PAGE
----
Receptor oligomerization

It is generally accepted that G-protein-coupled receptors can form heteromers such as homo- and heterodimers as well as more complex oligomeric structures, and indeed heterodimerization has been shown to be essential for the function of receptors such as the metabotropic GABA(B) receptors. However, it is presently unproven that true heterodimers exist. Present biochemical and physical techniques lack the resolution to differentiate between distinct homodimers assembled into an oligomer or true 1:1 heterodimers. It is also unclear what the functional significance of oligomerization might be, although it is thought that the phenomenon may contribute to the pharmacological heterogeneity of GPCRs in a manner not previously anticipated. This is an actively-studied area in GPCR research.

The best-studied example of receptor oligomerisation are the metabotropic GABAB receptors. These receptors are formed by heterodimerization of GABABR1 and GABABR2 subunits. Expression of the GABABR1 without the GABABR2 in heterologous systems leads to retention of the subunit in the endoplasmic reticulum. Expression of the GABABR2 subunit alone, meanwhile, leads to surface expression of the subunit, although with no functional activity (i.e., the receptor does not bind agonist and cannot initiate a response following exposure to agonist). Expression of the two subunits together leads to plasma membrane expression of functional receptor. It has been shown that GABABR2 binding to GABABR1 causes masking of a retention signal[28] of functional receptors.[29]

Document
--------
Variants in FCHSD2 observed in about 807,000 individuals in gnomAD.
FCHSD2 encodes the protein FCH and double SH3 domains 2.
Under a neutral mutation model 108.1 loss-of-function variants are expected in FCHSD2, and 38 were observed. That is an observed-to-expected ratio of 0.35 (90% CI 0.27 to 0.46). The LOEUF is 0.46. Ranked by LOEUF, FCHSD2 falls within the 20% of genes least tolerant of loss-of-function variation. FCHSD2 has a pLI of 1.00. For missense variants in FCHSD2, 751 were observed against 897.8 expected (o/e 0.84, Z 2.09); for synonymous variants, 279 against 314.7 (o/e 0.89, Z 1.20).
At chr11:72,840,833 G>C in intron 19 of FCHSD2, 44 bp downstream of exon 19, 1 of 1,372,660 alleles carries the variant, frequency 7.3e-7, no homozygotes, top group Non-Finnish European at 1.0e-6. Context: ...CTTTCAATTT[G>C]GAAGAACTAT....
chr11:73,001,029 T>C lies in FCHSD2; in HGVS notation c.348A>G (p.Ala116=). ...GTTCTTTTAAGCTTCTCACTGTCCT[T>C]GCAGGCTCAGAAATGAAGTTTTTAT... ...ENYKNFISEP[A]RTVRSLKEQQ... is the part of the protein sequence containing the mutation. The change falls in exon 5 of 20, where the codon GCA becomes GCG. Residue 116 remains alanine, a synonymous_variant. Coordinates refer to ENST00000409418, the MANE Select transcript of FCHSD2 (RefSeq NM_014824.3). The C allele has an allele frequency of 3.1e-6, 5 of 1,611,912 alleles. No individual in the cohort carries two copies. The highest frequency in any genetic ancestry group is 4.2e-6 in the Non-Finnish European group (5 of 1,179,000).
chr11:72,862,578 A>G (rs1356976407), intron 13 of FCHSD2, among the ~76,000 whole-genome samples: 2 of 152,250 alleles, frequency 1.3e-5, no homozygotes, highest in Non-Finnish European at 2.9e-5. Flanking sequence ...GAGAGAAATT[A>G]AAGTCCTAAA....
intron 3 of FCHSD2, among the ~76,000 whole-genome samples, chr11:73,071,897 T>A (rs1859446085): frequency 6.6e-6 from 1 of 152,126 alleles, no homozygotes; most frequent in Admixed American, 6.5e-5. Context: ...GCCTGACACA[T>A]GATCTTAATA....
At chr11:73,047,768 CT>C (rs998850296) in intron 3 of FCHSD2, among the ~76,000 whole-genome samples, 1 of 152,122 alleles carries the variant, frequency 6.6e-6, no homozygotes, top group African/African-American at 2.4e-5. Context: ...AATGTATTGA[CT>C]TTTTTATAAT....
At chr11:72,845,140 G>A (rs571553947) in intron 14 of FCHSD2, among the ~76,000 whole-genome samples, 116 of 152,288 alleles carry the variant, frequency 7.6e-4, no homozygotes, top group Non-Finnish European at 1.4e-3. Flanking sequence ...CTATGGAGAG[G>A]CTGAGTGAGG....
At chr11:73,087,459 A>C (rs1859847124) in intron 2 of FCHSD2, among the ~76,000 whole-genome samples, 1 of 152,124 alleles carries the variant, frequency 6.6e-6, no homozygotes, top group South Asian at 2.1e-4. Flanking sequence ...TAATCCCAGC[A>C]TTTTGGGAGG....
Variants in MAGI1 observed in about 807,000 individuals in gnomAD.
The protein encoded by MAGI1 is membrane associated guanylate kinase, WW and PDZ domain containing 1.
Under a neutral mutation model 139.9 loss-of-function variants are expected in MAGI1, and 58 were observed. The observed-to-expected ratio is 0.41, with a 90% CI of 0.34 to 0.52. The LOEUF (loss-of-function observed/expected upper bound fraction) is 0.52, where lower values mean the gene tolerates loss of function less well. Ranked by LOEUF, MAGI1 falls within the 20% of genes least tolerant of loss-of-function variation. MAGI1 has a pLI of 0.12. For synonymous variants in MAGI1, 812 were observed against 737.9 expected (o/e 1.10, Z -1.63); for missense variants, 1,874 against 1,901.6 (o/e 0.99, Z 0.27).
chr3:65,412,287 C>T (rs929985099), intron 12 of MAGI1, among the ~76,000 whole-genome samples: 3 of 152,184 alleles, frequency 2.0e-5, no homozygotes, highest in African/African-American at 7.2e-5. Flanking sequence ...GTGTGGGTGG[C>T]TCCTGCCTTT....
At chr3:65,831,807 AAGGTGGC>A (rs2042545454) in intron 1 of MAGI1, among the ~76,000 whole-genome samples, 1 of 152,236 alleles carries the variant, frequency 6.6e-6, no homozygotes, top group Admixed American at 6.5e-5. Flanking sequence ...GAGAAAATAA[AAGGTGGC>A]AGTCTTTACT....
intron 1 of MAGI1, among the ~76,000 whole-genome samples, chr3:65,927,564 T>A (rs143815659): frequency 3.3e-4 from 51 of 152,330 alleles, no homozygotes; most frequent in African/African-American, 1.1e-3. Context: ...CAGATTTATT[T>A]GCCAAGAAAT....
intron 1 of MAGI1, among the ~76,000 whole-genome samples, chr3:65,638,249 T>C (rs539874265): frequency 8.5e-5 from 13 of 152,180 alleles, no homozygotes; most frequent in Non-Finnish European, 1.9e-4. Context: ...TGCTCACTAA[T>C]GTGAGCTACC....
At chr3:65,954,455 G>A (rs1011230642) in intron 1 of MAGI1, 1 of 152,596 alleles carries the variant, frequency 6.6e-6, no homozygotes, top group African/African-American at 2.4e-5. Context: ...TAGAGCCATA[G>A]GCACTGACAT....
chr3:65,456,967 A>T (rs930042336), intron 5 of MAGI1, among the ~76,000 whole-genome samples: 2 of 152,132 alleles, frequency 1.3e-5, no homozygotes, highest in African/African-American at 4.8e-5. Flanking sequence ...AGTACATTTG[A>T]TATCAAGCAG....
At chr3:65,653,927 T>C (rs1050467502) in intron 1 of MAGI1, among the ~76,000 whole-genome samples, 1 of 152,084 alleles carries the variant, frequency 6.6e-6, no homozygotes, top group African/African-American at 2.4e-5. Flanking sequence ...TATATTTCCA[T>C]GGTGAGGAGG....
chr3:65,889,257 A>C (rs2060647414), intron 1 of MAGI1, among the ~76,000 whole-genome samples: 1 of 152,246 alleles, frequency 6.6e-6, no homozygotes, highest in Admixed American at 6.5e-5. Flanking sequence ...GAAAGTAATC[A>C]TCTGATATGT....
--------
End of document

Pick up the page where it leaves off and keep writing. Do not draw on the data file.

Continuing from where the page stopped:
Dictyostelium

A novel GPCR containing a lipid kinase domain has recently been identified in Dictyostelium that regulates cell density sensing.[30]

References

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See also

External links